By Sahadev Sharma
Calling all bats. That could’ve been the rally cry for Jason McLeod and the rest of the front office members in charge of this weekend’s MLB Draft. Despite taking pitchers with 11 of the team’s first 15 picks, the Cubs added to an already strong offensive group in the farm by drafting slugging third baseman Kris Bryant with the second-overall pick. Those offensive reinforcements can’t get to Wrigley soon enough.
A day after getting shutout, the Cubs nearly matched their futility on Saturday, but a two-run home run by Alfonso Soriano put the Cubs on the board in the ninth inning, as they fell to the Pittsburgh Pirates 6-2.
“We got shutout yesterday, too, I didn’t want that to happen today again,” Soriano said. “But we've got to try and forget the game, yesterday and today, and try and come back and win the game tomorrow.”
Soriano might be thinking about tomorrow, but fans -– and apparently the front office -– are looking further into the future.
“Trying to look at our organization as objectively as I can, our strength is in the position players,” said McLeod, the Cubs senior vice president of scouting and player development. “So we’re very hopeful that two years from now the club up here is winning more, and now we’ve got the pipeline going of those young position players in the upper levels, if not up here already.”
Two years might seem far away, but it’s a realistic goal to get names like Albert Almora, Jorge Soler and Javier Baez, along with Bryant, to at least be close to joining Starlin Castro and Anthony Rizzo on the North Side.
After the normally reliable Jeff Samardzija delivered one of his weaker outings, giving up four runs on eight hits in six innings, McLeod talked to the media in the latter stages of Saturday’s loss. He didn’t pull any punches when pointing out that the Cubs system has been lacking in quality starting pitching at the upper levels. The Cubs current front office has been aggressive in acquiring pitching in a variety of fashions: free agency, trade and now, for the second year in a row, the draft.
The first two tactics have actually borne fruit at the big league level, as Cubs starters have delivered a solid 3.63 ERA and 35 quality starts this season. McLeod and company are hoping that the draft will eventually pay dividends on that front as well.
“Theo (Epstein) and Jed (Hoyer) have made no secret of trying to acquire pitching however we can get it,” McLeod said. “I think the last two drafts it’s been a volume approach with the amount of arms we’ve taken early. With all the arms we’ve taken in ’12 and ’13, along with some of the acquisitions in trade, hopefully we’re bearing more fruit out as far as the pitching pipeline goes.”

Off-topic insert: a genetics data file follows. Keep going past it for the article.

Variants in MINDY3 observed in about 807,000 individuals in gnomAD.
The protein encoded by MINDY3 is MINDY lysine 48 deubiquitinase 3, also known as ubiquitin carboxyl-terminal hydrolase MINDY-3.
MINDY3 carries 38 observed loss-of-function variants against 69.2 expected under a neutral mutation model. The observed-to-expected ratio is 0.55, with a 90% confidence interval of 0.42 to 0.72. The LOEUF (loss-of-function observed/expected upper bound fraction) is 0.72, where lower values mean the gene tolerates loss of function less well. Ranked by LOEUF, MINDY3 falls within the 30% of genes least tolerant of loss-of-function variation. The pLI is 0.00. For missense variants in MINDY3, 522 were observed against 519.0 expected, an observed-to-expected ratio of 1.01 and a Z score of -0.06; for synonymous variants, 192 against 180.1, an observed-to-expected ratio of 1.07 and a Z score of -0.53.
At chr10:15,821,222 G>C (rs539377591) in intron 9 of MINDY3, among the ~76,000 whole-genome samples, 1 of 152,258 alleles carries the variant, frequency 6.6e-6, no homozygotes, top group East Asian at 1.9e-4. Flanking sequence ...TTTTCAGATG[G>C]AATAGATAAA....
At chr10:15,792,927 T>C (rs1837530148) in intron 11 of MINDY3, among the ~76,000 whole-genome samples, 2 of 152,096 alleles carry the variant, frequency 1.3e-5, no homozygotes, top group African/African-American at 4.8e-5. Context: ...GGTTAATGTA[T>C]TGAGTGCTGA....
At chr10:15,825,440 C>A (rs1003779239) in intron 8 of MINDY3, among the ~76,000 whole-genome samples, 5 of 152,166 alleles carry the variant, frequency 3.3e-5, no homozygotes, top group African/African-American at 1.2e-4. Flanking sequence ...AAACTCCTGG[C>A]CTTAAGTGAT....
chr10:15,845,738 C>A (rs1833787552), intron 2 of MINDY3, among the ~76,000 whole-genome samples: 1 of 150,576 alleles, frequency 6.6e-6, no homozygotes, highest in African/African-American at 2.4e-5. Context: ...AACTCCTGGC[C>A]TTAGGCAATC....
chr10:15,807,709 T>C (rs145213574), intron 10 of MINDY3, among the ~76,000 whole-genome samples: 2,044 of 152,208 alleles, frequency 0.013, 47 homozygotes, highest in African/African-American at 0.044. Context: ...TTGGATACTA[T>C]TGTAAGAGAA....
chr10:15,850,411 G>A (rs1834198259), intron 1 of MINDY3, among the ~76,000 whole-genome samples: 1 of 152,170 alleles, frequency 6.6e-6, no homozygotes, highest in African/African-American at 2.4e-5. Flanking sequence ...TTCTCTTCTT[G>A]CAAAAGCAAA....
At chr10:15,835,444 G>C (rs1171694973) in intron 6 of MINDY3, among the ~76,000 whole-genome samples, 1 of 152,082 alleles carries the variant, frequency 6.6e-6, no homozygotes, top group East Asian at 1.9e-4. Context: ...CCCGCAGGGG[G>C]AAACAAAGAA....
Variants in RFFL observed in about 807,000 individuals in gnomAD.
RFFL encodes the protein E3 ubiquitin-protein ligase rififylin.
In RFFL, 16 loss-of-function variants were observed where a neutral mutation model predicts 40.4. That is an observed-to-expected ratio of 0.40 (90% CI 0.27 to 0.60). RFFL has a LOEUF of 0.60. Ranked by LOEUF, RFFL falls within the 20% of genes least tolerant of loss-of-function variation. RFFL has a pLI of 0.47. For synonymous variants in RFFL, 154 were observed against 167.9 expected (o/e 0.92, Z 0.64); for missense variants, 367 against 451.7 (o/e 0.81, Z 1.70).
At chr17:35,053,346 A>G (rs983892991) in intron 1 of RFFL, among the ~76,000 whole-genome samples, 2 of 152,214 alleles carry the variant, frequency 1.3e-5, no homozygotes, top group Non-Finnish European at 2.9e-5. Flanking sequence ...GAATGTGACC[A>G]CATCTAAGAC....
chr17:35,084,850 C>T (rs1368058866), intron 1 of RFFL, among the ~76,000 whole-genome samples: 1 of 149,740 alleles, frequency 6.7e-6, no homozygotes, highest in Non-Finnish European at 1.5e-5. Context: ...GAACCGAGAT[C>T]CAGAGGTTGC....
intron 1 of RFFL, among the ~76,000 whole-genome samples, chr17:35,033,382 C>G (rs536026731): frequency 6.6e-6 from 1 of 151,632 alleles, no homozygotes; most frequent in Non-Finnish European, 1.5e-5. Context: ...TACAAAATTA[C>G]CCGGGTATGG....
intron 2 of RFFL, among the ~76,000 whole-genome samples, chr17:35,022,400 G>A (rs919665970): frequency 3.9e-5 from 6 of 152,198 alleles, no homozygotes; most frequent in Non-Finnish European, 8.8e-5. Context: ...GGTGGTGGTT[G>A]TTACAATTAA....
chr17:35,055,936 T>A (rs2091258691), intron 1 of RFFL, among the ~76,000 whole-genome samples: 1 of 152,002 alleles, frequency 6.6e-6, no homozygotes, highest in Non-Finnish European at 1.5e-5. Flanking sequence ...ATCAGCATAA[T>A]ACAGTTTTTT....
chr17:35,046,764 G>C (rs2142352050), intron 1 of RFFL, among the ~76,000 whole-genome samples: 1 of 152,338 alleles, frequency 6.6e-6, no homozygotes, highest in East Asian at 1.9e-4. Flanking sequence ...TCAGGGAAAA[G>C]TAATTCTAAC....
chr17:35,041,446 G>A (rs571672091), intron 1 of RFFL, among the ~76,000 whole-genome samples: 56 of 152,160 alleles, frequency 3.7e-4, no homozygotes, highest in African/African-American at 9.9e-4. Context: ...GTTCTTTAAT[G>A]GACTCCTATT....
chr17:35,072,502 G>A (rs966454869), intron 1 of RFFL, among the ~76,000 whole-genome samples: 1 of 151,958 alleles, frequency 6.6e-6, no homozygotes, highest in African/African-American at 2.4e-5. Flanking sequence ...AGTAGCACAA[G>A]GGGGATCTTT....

Though some experts deemed it a reach, McLeod seemed very pleased to land pitcher Rob Zastryzny from the University of Missouri in the second round. McLeod dispelled rumors that Zastryzny was just a "finesse lefty," pointing out that he sat at 90-94 mph with his fastball. Despite a weak win-loss record, McLeod and the scouting staff came away impressed from Zastryzny’s performances.
“It’s easy to look up at Z’s line and see the 2-9 record, but you really have to look a little deeper than that,” McLeod said. “He certainly had his struggles, he gave up 10 home runs. I actually saw him give up three home runs, and I still walked away from that game thinking that this guy is really interesting because he’s strong and athletic. When he’s throwing the ball downhill, he misses a lot of bats in the strike zone, which is something that I always look for.”
The Cubs surprised again with their third-round selection, deviating from the pitching-heavy selections by taking outfielder Jacob Hannemann from Brigham Young University. Hanneman, a 22-year-old freshman who also played football, spent the past two years away from the game while on a Mormon mission.
“(He) became a guy for us somewhat later in the spring (who was) one of those guys that we just had to have,” McLeod said, “with his athleticism, strength and what we feel his upside can be, even though he’s already 22 with only one year under his belt in the college ranks.”
The Cubs knew they’d end up with one of the big three -– Bryant, Mark Appel or Jonathan Gray –- with their first-round pick, so the past 10 days were spent lining up the board for the next few rounds. In rounds four through six, the Cubs selected a trio of college pitchers: Tyler Skulina, Trey Masek and Scott Frazier, respectively.
McLeod was pleasantly surprised to see those pitchers last so long, especially Masek, who excelled while pitching at Texas Tech and facing top-notch competition. McLeod added that he’d seen Frazier throw up to 97 mph but thought he might have dropped to the sixth round because he struggled in a pitcher’s park at Pepperdine.
The Cubs have quickly rebuilt the offensive core of their farm system. They seem to be executing a sound strategy to do the same with the pitching. Whether it pays off in the form of wins at the big league level has yet to be seen. But after performances like the one on display at Wrigley Field on Saturday afternoon, that strand of hope for the future is the only thing Cubs fans can truly grasp.